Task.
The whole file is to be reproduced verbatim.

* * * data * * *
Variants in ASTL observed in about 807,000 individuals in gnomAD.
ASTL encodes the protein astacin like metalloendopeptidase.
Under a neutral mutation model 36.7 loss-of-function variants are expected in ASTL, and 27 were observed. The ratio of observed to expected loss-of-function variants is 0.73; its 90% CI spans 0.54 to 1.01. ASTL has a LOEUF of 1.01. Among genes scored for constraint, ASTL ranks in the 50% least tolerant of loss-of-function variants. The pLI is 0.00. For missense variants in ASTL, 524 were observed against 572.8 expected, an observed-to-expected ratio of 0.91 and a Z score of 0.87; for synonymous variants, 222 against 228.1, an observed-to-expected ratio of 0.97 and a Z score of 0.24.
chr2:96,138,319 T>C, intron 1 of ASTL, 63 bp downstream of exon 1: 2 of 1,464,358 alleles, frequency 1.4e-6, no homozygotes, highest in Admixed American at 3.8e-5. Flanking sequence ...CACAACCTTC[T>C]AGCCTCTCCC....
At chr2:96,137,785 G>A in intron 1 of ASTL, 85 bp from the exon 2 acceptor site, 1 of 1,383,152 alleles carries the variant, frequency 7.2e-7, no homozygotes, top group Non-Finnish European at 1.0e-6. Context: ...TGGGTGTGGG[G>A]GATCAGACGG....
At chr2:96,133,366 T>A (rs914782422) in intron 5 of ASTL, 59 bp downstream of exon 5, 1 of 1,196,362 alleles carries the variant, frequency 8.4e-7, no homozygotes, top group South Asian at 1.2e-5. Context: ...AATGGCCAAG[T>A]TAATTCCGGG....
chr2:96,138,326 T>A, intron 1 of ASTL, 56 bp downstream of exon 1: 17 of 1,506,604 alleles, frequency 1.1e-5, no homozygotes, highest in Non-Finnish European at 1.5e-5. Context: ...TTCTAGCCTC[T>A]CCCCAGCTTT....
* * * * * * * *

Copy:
Variants in ASTL observed in about 807,000 individuals in gnomAD.
ASTL encodes the protein astacin like metalloendopeptidase.
Under a neutral mutation model 36.7 loss-of-function variants are expected in ASTL, and 27 were observed. The ratio of observed to expected loss-of-function variants is 0.73; its 90% CI spans 0.54 to 1.01. ASTL has a LOEUF of 1.01. Among genes scored for constraint, ASTL ranks in the 50% least tolerant of loss-of-function variants. The pLI is 0.00. For missense variants in ASTL, 524 were observed against 572.8 expected, an observed-to-expected ratio of 0.91 and a Z score of 0.87; for synonymous variants, 222 against 228.1, an observed-to-expected ratio of 0.97 and a Z score of 0.24.
chr2:96,138,319 T>C, intron 1 of ASTL, 63 bp downstream of exon 1: 2 of 1,464,358 alleles, frequency 1.4e-6, no homozygotes, highest in Admixed American at 3.8e-5. Flanking sequence ...CACAACCTTC[T>C]AGCCTCTCCC....
At chr2:96,137,785 G>A in intron 1 of ASTL, 85 bp from the exon 2 acceptor site, 1 of 1,383,152 alleles carries the variant, frequency 7.2e-7, no homozygotes, top group Non-Finnish European at 1.0e-6. Context: ...TGGGTGTGGG[G>A]GATCAGACGG....
At chr2:96,133,366 T>A (rs914782422) in intron 5 of ASTL, 59 bp downstream of exon 5, 1 of 1,196,362 alleles carries the variant, frequency 8.4e-7, no homozygotes, top group South Asian at 1.2e-5. Context: ...AATGGCCAAG[T>A]TAATTCCGGG....
chr2:96,138,326 T>A, intron 1 of ASTL, 56 bp downstream of exon 1: 17 of 1,506,604 alleles, frequency 1.1e-5, no homozygotes, highest in Non-Finnish European at 1.5e-5. Context: ...TTCTAGCCTC[T>A]CCCCAGCTTT....